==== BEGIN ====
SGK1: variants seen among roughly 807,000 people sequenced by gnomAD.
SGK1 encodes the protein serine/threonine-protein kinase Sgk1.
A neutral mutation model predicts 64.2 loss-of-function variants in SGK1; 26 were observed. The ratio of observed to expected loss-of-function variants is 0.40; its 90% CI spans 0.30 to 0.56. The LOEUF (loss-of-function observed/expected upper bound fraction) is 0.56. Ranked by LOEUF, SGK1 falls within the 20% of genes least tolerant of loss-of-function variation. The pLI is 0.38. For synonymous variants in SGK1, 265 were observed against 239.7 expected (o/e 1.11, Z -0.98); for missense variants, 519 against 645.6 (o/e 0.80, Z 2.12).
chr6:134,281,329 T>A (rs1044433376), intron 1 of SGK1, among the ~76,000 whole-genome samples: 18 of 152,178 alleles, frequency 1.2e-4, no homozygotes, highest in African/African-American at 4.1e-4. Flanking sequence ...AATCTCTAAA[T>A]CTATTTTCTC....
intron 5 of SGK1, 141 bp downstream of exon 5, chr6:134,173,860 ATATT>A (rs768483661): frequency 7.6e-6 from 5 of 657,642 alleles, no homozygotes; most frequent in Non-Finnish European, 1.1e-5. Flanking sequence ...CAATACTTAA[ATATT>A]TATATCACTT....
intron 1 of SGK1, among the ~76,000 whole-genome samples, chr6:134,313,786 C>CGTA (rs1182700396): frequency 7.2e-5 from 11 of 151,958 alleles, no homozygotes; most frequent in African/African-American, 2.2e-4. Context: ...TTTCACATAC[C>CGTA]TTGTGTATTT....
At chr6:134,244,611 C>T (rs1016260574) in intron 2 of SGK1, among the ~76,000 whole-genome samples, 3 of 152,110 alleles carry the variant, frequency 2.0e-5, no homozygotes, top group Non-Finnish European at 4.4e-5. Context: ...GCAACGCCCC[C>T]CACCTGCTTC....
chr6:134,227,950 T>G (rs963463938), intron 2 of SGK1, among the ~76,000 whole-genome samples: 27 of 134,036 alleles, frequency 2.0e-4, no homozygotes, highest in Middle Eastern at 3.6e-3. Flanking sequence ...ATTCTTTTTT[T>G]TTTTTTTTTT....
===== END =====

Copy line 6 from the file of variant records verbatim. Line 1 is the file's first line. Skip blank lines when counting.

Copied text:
intron 1 of SGK1, among the ~76,000 whole-genome samples, chr6:134,313,786 C>CGTA (rs1182700396): frequency 7.2e-5 from 11 of 151,958 alleles, no homozygotes; most frequent in African/African-American, 2.2e-4. Context: ...TTTCACATAC[C>CGTA]TTGTGTATTT....